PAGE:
Nikon 20mm f/3.5 AI-S

20mm is not a focal length I have used frequently but it’s fun to work with — 35mm is pretty normal, 24mm is definitely wide but can still be used easily in many situations, its a nice focal length for travel and landscape, 20mm gives an extreme point of view. Because I won’t be using it regularly, I resisted buying the obvious and reportedly excellent Nikon 20mm f1.8G AF-S lens, instead choosing to save some money and look around for some older and cheaper options that would still deliver interesting images. I am not a review writer, but thought I would share my opinions and some sample images rather than facts and figures, I have deliberately kept any post processing efforts in Adobe Lightroom very minimal to give an accurate idea of how this lens performs.

Nikon have produced several 20mm lenses over the decades, AI and AI-S models are available in maximum apertures from f/2.8 to f/4 but I wasn’t too fussy on which and managed to get a reasonably priced, good condition Nikon 20mm f/3.5 AI-S lens from a good seller on eBay for around £200. It’s quite light for an all metal lens at 235 grams, only 5cm long including the mount and having been built in the pre-AF days, handles well with a very nice smooth focus ring and a proper aperture ring, on my D750 you can shoot in aperture priority and manual modes.

My lens was made in Japan in the late 1980s. On a lens of this age, there will be a variation in performance from lens to lens, based on how hard a life it has had, inevitable dust ingress between the elements and degradation of coatings. Mine is in excellent condition however it seems to be sharpest at close to medium distance rather than at infinity, likely a result of the design rather than my lens specifically. More modern lenses correct for close focus so are more versatile and meet today’s demands for higher resolution. Corners are not great, there is obvious lack of detail and distortion at all apertures, across the rest of the frame while I can get good sharpness, resolution is generally low by the standards of modern lenses, easily out-resolved by the sensor on my D750, but the lens does produce nice images with reasonable contrast, controls flare well even shooting into the sun and reproduces colour accurately. I don’t do landscapes so this is fine for me and I don’t feel an urgent need for the newer lens for the type of photography I am interested in.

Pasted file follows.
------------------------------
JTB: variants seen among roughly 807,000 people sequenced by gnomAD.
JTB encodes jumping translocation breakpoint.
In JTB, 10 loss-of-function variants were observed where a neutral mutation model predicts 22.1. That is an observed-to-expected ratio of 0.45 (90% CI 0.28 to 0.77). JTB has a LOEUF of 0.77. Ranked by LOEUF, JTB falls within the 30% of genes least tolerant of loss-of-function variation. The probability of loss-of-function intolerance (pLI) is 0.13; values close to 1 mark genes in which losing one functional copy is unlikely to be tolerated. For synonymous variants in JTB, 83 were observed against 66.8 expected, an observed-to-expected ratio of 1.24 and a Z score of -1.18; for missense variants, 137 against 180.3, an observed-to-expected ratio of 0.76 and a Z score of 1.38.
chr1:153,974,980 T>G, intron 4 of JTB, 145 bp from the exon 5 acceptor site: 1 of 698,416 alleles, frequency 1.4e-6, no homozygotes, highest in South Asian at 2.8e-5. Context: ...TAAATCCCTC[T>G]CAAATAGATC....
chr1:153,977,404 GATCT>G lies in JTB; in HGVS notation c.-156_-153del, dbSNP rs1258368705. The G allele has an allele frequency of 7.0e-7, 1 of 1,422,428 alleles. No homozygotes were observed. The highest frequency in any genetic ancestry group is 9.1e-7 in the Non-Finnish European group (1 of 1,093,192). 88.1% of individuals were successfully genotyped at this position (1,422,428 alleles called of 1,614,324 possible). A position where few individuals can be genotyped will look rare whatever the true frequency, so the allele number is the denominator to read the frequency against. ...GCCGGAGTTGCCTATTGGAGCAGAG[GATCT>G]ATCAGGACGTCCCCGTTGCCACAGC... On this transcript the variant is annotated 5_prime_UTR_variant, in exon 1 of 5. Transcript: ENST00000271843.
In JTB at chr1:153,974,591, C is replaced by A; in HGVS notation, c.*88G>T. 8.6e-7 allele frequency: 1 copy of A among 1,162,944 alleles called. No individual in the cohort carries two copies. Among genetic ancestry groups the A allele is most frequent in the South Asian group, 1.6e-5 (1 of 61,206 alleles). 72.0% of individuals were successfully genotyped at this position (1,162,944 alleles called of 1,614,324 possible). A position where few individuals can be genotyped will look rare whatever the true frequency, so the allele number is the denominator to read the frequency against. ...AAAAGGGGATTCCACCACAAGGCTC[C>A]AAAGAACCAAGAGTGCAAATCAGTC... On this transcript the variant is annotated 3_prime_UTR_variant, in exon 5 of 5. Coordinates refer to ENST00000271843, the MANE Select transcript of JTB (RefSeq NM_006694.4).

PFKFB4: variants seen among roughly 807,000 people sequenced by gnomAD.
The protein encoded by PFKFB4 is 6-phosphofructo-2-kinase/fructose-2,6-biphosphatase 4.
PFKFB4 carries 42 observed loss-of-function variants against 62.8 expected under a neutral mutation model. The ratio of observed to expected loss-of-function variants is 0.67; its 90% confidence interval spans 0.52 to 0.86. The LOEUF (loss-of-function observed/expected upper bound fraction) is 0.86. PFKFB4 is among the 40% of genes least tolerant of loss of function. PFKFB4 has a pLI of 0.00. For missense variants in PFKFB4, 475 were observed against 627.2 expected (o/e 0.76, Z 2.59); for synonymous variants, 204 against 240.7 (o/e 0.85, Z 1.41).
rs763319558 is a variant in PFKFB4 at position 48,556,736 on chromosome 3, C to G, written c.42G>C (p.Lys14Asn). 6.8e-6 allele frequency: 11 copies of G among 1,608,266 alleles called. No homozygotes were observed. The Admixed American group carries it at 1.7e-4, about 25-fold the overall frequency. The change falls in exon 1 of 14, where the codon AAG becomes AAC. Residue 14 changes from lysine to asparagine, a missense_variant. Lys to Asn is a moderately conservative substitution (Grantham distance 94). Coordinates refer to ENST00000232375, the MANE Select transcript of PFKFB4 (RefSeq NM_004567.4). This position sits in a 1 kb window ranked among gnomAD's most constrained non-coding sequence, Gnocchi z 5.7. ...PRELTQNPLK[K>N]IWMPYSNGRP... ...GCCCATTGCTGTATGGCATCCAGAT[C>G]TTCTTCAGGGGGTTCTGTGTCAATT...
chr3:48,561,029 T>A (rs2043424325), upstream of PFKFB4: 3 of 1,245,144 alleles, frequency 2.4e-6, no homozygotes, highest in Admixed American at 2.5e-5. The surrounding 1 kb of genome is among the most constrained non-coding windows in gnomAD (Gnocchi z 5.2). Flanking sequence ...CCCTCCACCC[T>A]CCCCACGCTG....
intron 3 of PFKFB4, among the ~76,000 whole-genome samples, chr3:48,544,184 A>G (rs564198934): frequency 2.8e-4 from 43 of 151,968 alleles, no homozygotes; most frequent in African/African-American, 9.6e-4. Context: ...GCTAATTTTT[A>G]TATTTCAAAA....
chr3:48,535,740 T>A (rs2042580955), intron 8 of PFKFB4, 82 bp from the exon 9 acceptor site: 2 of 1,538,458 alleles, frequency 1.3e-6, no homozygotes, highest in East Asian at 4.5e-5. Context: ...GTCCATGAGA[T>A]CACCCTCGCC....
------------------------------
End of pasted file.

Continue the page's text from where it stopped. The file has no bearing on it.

Of course, this is a manual focus lens, however it is not at all challenging to use despite focussing screens on modern DSLRs that are far from optimum for manual focus, even wide open at f3.5, unless you are focussing on close subjects, there is reasonable depth of field.

For people photography around town it’s great, the focal length challenges me to get in close and small focus adjustments are all that’s needed given the large depth of field at middling apertures of f5.6 to f11 that I would normally use. That is where this lens will excel for me — I need good central sharpness, good colour and tonal graduations and comfortable handling, I get all of these and good value too from a thirty five year old lens. Definitely worth considering as an alternative to the new 20mm AF-S version.

My favourite lens for Nikon of all time is the Zeiss Milvus 35mm f/2, my thoughts on choosing and using this lens are here. You can see all of my photography articles here.

Using Format